Afghanistan 20 years on

Afghanistan 20 years on
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At a course I teach at the University of Pennsylvania on press and politics, students are assigned to write an op-ed or column. The exemplar is Harry Truman's economist: the former president — frustrated by advice of "on the one hand but then on the other" — wanted a one-handed economist.

An opinion column should express a clear point of view; balance is for the news pages.

Then there's Afghanistan.

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Should America finally get out of our longest war, with little end in sight — or would it just create a new terrorist safe harbor and a tragic setback for progress that has been made for women and others?

There is a pretty persuasive case ... on both sides.

The Trump administration, negotiating with the Taliban, agreed to withdraw the 2,500 American soldiers still there by this May 1. It's widely agreed that the promise they got in return from the Taliban — no violence — have been abrogated from the get-go.

President BidenJoe BidenFord to bolster electric vehicle production in multi-billion dollar push Protesters demonstrate outside Manchin's houseboat over opposition to reconciliation package Alabama eyes using pandemic relief funds on prison system MORE, a dove on Afghanistan during the Obama administration, is deciding in the next month or so whether to keep that commitment.

Secretary of State Tony Blinken is trying to get the United Nations and major countries in the region to revise Doha. This is the fourth American president to grapple with the Afghan dilemma.

The case for getting out is clear: Americans went into Afghanistan in 2001 after Osama Bin Laden used it as a launching pad for the 9-11 attack. Since then, 2,400 Americans have died; over 20,000 have been wounded, at a cost to the treasury in the trillions. For the first several years, there was progress: then as the Bush administration shifted its focus to Iraq, progress stopped. The Taliban now again controls most of the country outside of a few cities.

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Corruption in Afghanistan today remains pervasive, leadership splintered. The dreams of nation building are a cruel hoax.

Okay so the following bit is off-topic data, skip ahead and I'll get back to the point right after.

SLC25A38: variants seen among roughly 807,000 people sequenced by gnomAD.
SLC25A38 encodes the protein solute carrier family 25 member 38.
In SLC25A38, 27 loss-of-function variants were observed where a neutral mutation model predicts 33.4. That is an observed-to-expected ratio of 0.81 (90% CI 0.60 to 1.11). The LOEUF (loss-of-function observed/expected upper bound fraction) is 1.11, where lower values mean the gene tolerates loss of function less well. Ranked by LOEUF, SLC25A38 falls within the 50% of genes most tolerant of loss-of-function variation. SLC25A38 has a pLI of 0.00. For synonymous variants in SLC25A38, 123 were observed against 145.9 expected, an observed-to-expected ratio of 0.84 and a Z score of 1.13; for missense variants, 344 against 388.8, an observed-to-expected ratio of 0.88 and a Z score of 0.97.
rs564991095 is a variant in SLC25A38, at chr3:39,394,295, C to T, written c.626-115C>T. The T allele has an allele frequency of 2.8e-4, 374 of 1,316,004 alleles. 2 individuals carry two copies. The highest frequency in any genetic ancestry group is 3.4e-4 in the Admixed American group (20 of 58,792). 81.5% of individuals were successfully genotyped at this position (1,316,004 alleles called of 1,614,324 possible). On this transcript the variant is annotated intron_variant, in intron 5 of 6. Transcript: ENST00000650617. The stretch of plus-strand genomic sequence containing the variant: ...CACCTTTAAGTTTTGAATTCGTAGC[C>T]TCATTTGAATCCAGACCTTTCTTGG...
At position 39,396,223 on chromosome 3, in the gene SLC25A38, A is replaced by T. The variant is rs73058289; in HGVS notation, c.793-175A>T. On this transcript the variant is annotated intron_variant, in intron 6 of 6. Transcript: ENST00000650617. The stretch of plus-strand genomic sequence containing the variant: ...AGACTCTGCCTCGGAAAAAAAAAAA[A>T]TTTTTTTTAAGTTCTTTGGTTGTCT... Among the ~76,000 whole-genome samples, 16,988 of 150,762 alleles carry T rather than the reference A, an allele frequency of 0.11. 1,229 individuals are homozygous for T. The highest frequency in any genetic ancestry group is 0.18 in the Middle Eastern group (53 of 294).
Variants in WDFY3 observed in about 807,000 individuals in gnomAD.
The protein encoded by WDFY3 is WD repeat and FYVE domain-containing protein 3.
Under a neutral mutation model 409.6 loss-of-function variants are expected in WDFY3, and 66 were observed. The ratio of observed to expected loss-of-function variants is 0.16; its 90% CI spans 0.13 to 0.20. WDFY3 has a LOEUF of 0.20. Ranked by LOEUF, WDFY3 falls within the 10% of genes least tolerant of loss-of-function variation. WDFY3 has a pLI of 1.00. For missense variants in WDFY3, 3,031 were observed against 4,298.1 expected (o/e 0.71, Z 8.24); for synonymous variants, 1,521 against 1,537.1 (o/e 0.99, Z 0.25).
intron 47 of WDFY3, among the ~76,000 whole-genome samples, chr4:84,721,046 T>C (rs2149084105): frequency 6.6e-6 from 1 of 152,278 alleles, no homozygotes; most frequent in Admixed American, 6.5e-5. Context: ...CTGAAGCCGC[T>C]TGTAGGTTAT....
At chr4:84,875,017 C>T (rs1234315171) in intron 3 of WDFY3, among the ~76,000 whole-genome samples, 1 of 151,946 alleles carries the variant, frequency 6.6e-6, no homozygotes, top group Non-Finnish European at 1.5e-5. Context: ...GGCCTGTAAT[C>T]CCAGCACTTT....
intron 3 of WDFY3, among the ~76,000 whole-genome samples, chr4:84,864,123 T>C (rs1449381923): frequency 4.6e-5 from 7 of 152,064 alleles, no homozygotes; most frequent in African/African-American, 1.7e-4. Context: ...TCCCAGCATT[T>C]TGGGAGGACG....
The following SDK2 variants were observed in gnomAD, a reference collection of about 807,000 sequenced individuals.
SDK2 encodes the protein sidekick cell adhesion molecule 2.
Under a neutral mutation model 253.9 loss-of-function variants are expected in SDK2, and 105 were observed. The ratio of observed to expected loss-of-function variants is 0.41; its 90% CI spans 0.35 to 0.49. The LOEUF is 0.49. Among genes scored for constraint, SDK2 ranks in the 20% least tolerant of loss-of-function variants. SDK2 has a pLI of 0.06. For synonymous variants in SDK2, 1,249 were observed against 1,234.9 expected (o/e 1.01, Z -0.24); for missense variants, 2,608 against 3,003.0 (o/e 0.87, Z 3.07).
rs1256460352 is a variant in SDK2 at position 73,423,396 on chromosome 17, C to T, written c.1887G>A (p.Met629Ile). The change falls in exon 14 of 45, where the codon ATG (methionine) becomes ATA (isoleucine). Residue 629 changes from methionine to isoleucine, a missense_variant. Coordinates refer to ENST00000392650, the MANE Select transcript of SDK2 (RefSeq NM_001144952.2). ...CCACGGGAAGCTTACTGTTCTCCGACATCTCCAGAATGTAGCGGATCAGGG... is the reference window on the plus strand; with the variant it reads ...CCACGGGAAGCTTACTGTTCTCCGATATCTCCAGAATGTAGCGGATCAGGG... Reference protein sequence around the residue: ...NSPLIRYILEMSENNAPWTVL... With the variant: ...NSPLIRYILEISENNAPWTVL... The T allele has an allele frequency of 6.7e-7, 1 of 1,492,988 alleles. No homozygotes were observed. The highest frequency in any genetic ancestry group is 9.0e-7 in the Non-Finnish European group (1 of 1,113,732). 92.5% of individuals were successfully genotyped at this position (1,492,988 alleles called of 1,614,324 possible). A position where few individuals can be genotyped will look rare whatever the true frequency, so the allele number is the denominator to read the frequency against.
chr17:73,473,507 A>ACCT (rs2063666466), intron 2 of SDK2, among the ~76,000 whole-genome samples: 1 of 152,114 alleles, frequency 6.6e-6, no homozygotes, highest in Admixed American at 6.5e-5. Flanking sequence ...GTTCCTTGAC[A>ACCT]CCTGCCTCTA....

Moreover, as the Washington Post revealed a little more than a year ago in the government's private papers, American leaders — civilian and military — have lied to the public about the prospects of a war that they knew was unwinnable.

Shades of Vietnam.

Yet there are dire warnings from serious people against a precipitous withdrawal. To leave entirely on May 1 would be "destabilizing," said Senate Armed Services Committee chairman Jack ReedJack ReedTop Republican: General told senators he opposed Afghanistan withdrawal We have a plan that prioritizes Afghanistan's women — we're just not using it This week: Democrats kick off chaotic fall with Biden's agenda at stake MORE (D-R.I.). Afghanistan can't be "the source of planning, plotting to project terrorist attacks," warned one of the leading congressional authorities on national security. "I'm not sure we can do that without some presence there."

That view was echoed by a congressionally appointed, bi-partisan Afghanistan Study Group. They noted the Taliban violence against Afghans has actually increased since they signed the Doha pact, killing thousands.

The human price of a Taliban takeover, probable if America leaves, would be painfully cruel. There has been progress on basic rights, especially for women. Some 3.5 million girls are in schools now, a 70-fold increase from 2001. If the fundamentalist Islamists, who ran the country before, regain power that progress will be wiped out.

The 2,500 current U.S. forces, down from 100,000 a decade ago, and supplemented by another 7,000 from allies, serve mainly in about a dozen enclaves. They protect some Afghan security forces and mount counterterrorism efforts.

When last week's New Yorker arrived, I thought maybe I'd found the equivalent of the one-handed economist: a long piece by Dexter Filkins, the great war correspondent. He paints a bleak picture of Afghan governing and the ability to secure the nation against the Taliban; the piece also captures the bravery of places like Afghan Women's Skills Development Center, which provides shelter for battered women and job training.

The heart says don't leave those struggling women. If just a few more months or a year would do the trick, it's a no-brainer. But if America stays, the Taliban will attack our forces, pressure will mount to send in reinforcements. On May 1, 2022, we'll hear the same arguments: just a little more time.

Shades of Vietnam.

Nineteen years ago, I embraced the decision to go into the country that sheltered Bin Laden. My friend, Roger Altman, asked me simply: "Do you know the history of Afghanistan?"

For centuries this country, with its rugged terrain and dozens of often warring ethnic tribes, has repulsed invading forces: the British, the Russians, and now most likely the Americans.

Remember Rudyard Kipling a century and a quarter ago: "When you're wounded and left on Afghanistan's plains, and the women come out to cut up what remains, jest roll to your rifle and blow out your brains and go to your Gawd like a soldier.”

Al Hunt is the former executive editor of Bloomberg News. He previously served as reporter, bureau chief and Washington editor for the Wall Street Journal. For almost a quarter century he wrote a column on politics for The Wall Street Journal, then The International New York Times and Bloomberg View. He hosts 2020 Politics War Room with James Carville. Follow him on Twitter @AlHuntDC.